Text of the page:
It has been said that you can predict the future by looking to the past.
That idea falls short, though, when analyzing the bad blood that has been brewing between the Crimson Bears and Moose football teams before today's opening-round playoff game in Palmer.
Tradition sides with Juneau-Douglas High School after knocking its Railbelt Conference rivals out of the state playoffs in each of the past three seasons, including the 2007 title game.
However, recent history has favored the Moose, who used three fourth-quarter scores to top JDHS 34-19 in their regular-season matchup on Aug. 29 in Palmer. The game marked just the second time the Moose have ever defeated Juneau, and the first time since 2006.
Palmer broke a 13-13 tie in that game with two identical rushing touchdowns in under 15 seconds. A Juneau fumble after the first score helped to facilitate the devastating quarter of a minute.
"We had a tendency to really hang our heads after somebody scored early in the season, even if it was early," defensive coordinator Eddie Brakes said. "We've turned that around in the last couple of weeks. We really believe that we're a different football team than we were then."
More than a few Crimson Bears have changed positions or returned from injury since that early season loss, but the team is primarily counting on the same cast of characters to step up the intensity.
Senior linebacker and All-State candidate Jack Perkins will lead that charge as the team's leading tackler. Perkins' primary job against the run-heavy Moose offense will be plugging the holes created by a Palmer offensive line that Juneau head coach Bill Chalmers describes as the "heart of the team."
"I don't think I can over-emphasize Jack's impact on the game. He can really shut down another team's offensive chances," Chalmers said. "He wasn't even playing on our offensive line last time against Palmer, and he's done a great job there as well."
The Moose racked up 265 rushing yards in the teams' first game, and did not attempt a single pass. The Crimson Bears defense has stiffened considerably since then, however, and has surrendered just 206 yards on the ground in its last two games combined.
The Crimson Bears also will need to keep tabs on Johnny Daly, the state's reigning 200-meter champion in track, who the Moose use at a variety of positions. Daly returned the opening kickoff 86 yards for a touchdown in the teams' first meeting - Palmer's only touchdown in the first half.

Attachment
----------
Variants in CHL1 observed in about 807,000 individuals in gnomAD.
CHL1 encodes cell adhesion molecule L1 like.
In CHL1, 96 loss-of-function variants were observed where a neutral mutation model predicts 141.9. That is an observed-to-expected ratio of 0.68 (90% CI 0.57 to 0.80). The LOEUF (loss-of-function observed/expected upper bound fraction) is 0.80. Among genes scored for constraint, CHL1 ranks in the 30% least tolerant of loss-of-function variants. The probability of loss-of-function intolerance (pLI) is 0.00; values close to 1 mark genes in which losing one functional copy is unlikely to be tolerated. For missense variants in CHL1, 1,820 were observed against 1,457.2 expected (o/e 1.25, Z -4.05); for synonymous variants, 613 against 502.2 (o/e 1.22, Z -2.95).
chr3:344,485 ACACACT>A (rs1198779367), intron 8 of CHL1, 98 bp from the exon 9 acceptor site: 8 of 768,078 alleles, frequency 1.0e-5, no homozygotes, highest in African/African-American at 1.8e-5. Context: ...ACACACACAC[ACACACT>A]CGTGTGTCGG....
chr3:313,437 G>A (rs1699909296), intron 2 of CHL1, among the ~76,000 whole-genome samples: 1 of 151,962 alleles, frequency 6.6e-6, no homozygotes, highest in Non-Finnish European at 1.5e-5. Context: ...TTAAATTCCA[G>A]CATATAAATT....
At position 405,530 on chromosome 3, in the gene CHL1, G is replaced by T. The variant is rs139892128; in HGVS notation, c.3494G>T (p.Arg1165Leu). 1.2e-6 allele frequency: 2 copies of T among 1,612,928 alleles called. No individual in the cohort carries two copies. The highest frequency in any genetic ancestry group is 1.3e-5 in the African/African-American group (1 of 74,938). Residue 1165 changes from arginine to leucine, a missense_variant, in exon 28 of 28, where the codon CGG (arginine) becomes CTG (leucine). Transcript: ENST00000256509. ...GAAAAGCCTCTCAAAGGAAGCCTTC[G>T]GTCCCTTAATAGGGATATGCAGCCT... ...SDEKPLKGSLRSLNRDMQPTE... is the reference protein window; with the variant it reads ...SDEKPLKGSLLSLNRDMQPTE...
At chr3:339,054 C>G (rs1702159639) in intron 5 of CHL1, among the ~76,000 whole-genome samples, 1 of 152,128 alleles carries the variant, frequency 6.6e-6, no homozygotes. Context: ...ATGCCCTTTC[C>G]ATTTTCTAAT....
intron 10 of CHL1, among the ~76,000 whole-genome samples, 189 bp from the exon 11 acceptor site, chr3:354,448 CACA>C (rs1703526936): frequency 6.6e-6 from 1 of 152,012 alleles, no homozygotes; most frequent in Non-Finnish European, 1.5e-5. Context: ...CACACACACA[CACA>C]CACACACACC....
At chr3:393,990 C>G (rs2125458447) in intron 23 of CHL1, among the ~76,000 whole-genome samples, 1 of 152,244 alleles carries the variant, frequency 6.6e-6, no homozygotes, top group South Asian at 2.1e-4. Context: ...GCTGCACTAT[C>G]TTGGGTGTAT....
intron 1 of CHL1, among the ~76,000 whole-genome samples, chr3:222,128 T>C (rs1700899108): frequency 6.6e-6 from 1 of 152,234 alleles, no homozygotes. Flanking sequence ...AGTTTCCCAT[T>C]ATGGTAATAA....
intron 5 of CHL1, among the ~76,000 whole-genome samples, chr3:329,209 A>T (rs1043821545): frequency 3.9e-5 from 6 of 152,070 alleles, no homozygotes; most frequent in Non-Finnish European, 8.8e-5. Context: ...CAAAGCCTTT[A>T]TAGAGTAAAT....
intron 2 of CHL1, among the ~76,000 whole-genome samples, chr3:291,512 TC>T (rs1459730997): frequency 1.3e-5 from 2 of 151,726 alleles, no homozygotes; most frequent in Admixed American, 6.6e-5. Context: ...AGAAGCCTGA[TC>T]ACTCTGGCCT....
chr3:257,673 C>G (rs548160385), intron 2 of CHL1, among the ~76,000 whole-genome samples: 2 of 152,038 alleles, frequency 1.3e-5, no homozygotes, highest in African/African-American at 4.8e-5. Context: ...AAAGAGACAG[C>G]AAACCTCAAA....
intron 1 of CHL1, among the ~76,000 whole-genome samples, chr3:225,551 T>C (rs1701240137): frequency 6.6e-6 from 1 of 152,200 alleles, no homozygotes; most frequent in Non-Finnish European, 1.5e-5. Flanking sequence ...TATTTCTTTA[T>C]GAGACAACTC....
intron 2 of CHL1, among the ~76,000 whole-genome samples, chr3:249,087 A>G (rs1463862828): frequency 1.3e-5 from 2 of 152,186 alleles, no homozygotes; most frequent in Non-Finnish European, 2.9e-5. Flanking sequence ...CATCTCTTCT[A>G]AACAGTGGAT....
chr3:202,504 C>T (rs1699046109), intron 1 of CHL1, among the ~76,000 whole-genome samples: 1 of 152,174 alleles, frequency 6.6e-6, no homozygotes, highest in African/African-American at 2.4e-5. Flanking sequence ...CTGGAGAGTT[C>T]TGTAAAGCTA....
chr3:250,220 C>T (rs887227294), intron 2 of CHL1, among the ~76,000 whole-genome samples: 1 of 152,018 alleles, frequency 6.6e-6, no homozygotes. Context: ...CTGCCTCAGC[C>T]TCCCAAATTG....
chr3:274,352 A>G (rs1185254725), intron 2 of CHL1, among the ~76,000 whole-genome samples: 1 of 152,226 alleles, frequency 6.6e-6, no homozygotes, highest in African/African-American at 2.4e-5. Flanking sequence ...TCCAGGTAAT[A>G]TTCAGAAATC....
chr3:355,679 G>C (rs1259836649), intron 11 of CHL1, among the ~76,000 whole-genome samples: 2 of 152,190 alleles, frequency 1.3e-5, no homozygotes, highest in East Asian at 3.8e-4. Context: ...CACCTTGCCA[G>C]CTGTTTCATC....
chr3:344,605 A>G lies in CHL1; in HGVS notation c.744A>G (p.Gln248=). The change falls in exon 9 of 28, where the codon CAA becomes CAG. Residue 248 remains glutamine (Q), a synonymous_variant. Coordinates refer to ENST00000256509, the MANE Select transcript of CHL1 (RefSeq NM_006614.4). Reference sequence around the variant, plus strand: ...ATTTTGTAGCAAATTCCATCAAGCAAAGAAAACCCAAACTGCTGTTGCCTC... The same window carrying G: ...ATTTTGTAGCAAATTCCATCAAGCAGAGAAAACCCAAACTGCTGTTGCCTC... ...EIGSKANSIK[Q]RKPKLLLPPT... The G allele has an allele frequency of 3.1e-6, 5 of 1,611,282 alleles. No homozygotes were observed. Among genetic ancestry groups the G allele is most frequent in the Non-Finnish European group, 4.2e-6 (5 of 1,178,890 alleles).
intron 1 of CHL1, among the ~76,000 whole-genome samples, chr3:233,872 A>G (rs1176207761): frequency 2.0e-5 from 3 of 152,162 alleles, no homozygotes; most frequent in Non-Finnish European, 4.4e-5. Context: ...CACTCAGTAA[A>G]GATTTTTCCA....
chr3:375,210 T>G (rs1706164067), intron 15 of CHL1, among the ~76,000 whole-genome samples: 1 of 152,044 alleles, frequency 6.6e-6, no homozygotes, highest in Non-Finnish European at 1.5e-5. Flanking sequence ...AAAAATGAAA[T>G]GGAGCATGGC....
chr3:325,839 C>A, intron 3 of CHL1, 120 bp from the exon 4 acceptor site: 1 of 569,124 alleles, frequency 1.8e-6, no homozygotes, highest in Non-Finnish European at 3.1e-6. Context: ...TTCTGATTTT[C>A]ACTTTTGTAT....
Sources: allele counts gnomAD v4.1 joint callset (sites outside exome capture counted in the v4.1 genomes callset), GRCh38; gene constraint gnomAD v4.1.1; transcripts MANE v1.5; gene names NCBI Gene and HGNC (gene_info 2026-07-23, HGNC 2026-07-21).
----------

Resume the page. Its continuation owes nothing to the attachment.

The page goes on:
"They'll move him around to the slot (receiver) and the backfield. He's really matured and he's getting a lot more touches this year," Chalmers said. "He really hurt us badly on special teams last time we were up there, and they count on that."
Though the team's focus will be primarily on the run, Chalmers said he also has noticed the Moose passing more in recent weeks and expects them to take a few shots downfield this time around.
Offensively, Juneau-Douglas looks very similar to Palmer, focusing primarily on its flourishing ground game. Running back Alex Fagerstrom is coming off a 184-yard, two-touchdown performance last week at Colony. Prior to that, the senior piled up 270 yards and five touchdowns on Senior Night against Lathrop.
"Alex is going to be right up there for All-State as well," Chalmers said. "He's such a quality player, I don't see how anybody could vote against him."
Alex's younger brother, sophomore Eric Fagerstrom, has developed into another threat for the Crimson Bears in the backfield and as a receiver, picking up a touchdown in each of the last two weeks after returning from an injury.
Juneau-Douglas might have the edge in the passing game, though, where senior Dakotah Smith recently returned to the position. Smith did not attempt a pass in last week's victory over Colony, primarily because the Crimson Bears began most of their drives in great field position. However, he finished 5-for-5 with 87 yards and two touchdowns against Lathrop.
In the end, both teams know what the other squad is going to do, they just need to stop it.
"We know what we did wrong last time, and we've made adjustments. I'm sure Palmer has already made adjustments to what we've done," Chalmers said. "We've told the boys to expect the unexpected and just play good, intelligent football."